The congress voted and just narrowly missed unanimously voting to declare independence. After another day of deliberation (and some under-the-table negotiations and deals), on July 2nd, 12 of the 13 colonies voted for independence, and with no representatives from the 13th colony (New York) to cast a nay vote, the deed was done, and in no small part thanks to the leadership of John Adams.

Interestingly enough, Adams wrote to his wife that July 2nd would forever be commemorated through grand celebrations by Americans. He was only two days off.

Abigail Adams

As I said before, one of the reasons this book elicits such a clear picture of Adams is that it draws heavily from the archived letters between himself and his wife, Abigail. Mrs. Adams was an outstanding woman, and in an era where women couldn’t vote or own land and were generally relegated to child-bearing roles, Abigail held her own with the men of her time. She was very opinionated and wasn’t shy about her views, whether personal or political. And she was an amazing partner for John Adams. Adams was constantly nourished by the presence of his wife and treasured her as his closest confidant and friend throughout their entire marriage. He looked to her for support and advice during the many trying times he would see in his political career and she provided it. The book draws directly from their personal correspondence, and it illustrates why Adams was the man he was.

Past/current political atmosphere:

One thing that was a huge surprise to me was the amount of savage political attacks so early on in this country’s history. As a general rule, I am appalled by the current state of political discourse in this country. However, I always assumed it was a recent development; that only in the last few decades have we become so immature and entrenched in our political beliefs.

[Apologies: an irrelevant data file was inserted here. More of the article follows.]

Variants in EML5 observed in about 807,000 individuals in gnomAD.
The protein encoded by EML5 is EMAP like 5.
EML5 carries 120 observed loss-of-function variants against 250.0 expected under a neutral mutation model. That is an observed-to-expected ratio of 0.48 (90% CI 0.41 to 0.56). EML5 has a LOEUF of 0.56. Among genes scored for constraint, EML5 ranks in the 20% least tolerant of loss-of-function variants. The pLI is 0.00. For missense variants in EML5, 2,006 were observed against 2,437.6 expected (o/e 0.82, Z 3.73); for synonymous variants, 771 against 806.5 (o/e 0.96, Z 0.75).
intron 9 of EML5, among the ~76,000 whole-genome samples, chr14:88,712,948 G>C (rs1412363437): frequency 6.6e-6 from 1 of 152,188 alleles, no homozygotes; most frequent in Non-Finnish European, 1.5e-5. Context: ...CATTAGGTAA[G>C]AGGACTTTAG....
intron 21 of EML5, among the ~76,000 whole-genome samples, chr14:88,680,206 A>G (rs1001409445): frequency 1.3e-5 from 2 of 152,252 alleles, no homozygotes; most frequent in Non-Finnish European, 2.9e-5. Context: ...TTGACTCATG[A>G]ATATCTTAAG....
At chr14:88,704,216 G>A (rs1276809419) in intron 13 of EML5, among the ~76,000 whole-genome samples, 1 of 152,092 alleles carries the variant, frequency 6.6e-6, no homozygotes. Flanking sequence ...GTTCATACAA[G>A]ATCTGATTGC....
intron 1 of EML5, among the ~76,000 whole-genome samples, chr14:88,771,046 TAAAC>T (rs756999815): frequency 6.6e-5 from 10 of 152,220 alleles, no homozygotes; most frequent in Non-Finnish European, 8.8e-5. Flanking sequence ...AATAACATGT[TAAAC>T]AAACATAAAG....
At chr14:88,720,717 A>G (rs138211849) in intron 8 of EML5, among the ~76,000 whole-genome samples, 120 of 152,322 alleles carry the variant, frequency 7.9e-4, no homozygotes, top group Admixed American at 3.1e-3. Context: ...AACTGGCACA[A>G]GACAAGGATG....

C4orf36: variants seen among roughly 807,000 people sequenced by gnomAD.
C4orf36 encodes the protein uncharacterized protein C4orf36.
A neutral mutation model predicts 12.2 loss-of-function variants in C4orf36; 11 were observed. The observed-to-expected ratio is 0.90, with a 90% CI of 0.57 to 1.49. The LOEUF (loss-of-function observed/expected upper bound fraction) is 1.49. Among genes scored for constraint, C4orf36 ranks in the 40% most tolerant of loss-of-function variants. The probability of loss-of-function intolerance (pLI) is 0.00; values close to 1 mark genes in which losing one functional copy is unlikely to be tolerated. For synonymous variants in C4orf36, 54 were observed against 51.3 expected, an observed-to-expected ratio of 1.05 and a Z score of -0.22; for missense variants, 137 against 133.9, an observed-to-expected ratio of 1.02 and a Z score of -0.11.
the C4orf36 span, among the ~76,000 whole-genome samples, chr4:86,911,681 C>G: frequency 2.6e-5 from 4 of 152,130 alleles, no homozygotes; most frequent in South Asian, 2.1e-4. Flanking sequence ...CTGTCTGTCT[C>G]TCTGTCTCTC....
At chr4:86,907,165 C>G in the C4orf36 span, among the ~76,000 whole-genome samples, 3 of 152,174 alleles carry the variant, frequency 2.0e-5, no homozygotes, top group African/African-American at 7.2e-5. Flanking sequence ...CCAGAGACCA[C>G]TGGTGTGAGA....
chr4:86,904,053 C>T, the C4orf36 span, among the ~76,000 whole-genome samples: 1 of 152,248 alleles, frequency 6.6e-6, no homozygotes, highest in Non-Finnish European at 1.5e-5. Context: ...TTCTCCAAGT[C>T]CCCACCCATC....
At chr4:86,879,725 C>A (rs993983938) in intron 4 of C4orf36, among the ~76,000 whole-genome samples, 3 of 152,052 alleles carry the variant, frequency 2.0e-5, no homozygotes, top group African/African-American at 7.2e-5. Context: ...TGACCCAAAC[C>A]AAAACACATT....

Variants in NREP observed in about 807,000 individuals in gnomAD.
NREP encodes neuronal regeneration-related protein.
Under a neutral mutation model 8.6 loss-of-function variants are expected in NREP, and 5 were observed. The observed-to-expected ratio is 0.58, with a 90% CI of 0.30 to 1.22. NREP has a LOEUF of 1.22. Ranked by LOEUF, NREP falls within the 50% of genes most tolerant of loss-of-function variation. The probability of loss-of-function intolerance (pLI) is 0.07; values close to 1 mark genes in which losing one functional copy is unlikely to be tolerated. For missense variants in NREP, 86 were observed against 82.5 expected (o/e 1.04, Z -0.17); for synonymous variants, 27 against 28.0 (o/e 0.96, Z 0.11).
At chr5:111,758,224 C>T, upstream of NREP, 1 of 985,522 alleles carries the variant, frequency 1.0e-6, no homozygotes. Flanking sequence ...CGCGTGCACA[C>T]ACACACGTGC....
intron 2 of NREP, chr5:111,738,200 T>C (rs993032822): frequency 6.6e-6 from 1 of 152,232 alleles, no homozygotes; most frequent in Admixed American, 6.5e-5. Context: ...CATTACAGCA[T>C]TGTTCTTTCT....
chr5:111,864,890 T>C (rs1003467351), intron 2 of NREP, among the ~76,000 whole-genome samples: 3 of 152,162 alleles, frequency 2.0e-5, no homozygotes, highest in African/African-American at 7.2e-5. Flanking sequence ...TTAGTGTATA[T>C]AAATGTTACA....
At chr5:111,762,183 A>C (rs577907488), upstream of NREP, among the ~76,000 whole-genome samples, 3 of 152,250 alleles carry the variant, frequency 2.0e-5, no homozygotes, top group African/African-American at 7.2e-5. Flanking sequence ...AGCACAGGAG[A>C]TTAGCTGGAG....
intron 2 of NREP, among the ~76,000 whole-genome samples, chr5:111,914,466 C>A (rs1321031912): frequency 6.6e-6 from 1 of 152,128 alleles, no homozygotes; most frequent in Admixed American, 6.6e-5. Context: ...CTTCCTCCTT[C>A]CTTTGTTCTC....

Rather than it being a recent trend, I think I just wasn’t aware of it as a kid. In reality, as long as the United States has existed, so has the current level of political discourse. While Washington started his first presidential term with the great majority of the nation’s support, that was quickly lost, as the Republican Party (then, it was ideologically more like our current Democratic Party) started to attack Washington for having monarchical sympathies. This attack was thrown even more strongly at Adams during the two elections in which he ran.

Aside from the insults and attacks from the opposing political party (which were to be expected), Adams dealt with opposition in his own party as well. While the Republicans accused him of being too Federalist, men like Alexander Hamilton were of the unwavering opinion that Adams wasn’t Federalist enough. Hamilton was so anti-Adams that during the election race of 1800, Adams was only narrowly defeated for a second term by Thomas Jefferson, and this defeat was attributed mainly to a scathing attack of Adams by Hamilton in the form of a 54-page letter that was leaked to the public. Hamilton wanted to go to war with France, while Adams was strategically making decisions as president to avoid such an outcome, and so Hamilton attacked, and Adams subsequently lost reelection.

It was disheartening to read about the opposition Adams faced his entire political career, from both his political enemies and colleagues. His unwavering goal was independence for the United States and establishing this nation as a strong, fiscally responsible and enduring member of the global community of nations. Yet he was consistently attacked by those close and far from him. It saddens me that the current state of modern, mud-slingin’ political discourse is not a new phenomenon.

Slavery

You know that thing where the Founding Fathers signed a document declaring that all men were created equal and deserved freedom to pursue life, liberty, and the pursuit of happiness, yet a lot of those men were slaveowners? John Adams (and his wife) thought slavery was an abhorrent practice, and not only never owned slaves themselves, he never even hired slave labor from his neighbors to work his land (a common practice among men of the Revolutionary Era who didn’t own slaves. Like renting a workforce). He spent his life truly committed to the freedom of all men and women, regardless of ethnic background. It’s sad that he was the exception and not the rule, but it makes me respect him more for standing firm for these principles, even when it meant standing against the status quo of the society in which he lived.

There is so much more I could touch upon here, including Adams’ presidency, his personal family struggles, his many years as foreign ambassador to France, England, and Holland. Instead, I highly recommend this book. McCullough puts together an extensive and intriguing history lesson that really illustrates who Adams was as a man and as an American.

*pg.126 of the book

**pg. 127 of the book

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Chipotle and The Scarecrow